Sep 13, 2019 | By Athena Chen
As each season draws to a close, our data and fashion analysts at WGSN Analytics Division put together their strategies for success for the next season, register now for our webinar on Wednesday 29th August to learn more.
S/S 18 saw retailers attempting to crack the puzzle of the online/offline balance. Retailers are experimenting with e-commerce phasing strategies and as a consequence, volumes of new womenswear products grew 9% YOY. However, consumer spend continues to drift to experiences and increasing utility costs – lessening demand for discretionary items like clothing and footwear.
Quite simply, this has led to a significant overstock in the market this season, with overall product volumes growing 6% YOY. Witnessed across the board, the recent news of Burberry and Nike burning left-over stock only emphasises this catastrophic issue. So here are three ways retailers can tackle the build-up of product without the need for discounting.
Test and repeat
Within this frenzied landscape, some retailers are actually decreasing volumes to align with the diminishing demand. With their short lead times, online pureplays such as ASOS and Boohoo are able to implement a test and repeat type model. By injecting smaller but better ranges, the risk of overstock is immediately reduced – giving room for retailers to experiment without a big investment. This won’t work for everyone however, like White Stuff’s recent attempt, because the process has to align with what the core customer needs. If the customer doesn’t require a constant stream of newness, this limited, testing model won’t be a success.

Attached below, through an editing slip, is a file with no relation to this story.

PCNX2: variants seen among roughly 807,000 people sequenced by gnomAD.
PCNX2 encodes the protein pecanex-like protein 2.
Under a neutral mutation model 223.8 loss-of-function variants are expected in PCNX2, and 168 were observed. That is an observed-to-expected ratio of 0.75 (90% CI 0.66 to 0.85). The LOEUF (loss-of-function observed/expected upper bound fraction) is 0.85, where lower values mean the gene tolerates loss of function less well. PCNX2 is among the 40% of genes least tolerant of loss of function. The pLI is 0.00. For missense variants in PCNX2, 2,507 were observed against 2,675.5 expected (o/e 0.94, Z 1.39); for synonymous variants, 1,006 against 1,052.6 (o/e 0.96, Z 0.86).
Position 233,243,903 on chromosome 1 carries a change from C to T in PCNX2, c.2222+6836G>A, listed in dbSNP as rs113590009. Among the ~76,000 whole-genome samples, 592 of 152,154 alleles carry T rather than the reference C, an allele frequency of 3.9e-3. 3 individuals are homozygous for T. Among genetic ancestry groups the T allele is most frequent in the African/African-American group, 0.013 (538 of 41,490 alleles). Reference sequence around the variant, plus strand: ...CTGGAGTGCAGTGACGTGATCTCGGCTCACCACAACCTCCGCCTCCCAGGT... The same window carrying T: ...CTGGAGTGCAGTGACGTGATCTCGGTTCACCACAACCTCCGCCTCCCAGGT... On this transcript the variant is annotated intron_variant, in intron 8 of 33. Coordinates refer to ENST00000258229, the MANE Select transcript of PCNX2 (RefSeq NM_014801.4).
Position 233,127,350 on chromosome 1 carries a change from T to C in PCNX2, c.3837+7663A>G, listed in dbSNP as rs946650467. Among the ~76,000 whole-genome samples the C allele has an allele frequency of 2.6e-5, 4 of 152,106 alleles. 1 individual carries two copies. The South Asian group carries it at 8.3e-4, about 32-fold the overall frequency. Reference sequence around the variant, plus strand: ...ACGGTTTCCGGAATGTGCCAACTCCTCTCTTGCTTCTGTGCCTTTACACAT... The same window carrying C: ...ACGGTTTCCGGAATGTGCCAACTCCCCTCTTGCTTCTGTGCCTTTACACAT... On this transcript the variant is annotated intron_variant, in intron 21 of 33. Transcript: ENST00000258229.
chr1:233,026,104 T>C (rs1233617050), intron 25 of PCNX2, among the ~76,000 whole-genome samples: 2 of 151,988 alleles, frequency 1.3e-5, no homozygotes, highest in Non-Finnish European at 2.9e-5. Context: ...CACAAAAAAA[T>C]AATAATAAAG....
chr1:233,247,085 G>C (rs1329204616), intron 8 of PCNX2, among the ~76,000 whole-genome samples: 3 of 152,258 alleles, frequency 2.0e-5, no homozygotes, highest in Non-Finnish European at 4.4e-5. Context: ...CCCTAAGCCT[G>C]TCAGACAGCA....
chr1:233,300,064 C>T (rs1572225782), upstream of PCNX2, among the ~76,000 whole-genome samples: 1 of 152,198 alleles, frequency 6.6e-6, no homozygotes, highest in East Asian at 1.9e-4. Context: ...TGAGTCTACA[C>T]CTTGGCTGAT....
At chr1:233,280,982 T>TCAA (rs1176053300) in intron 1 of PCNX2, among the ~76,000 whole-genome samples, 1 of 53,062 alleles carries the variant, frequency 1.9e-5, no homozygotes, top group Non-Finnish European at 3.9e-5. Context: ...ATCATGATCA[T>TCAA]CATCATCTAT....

Open to buy
For those that it won’t work for, take a leaf out of the book of John Lewis. They are also recognising the need to adopt a more agile approach to new product but are instead expanding their in-season flexibility by increasing their open to buy budgets. This will give retailers the room to become more reactive to both internal and external influences each season faces – but this is a big investment as it dramatically changes the traditional ways of working. To ensure the right product is delivered at the right time however, this strategy is a must-do and will further reduce the need for markdowns.
Finally, the idea of perceived newness also comes into play. As seen at Zara and ASOS, existing products can be rotated and repurposed through online and offline merchandising – giving the impression of an entirely new look. Styling these items alongside new pieces will refresh assortments, re-igniting lost demand.
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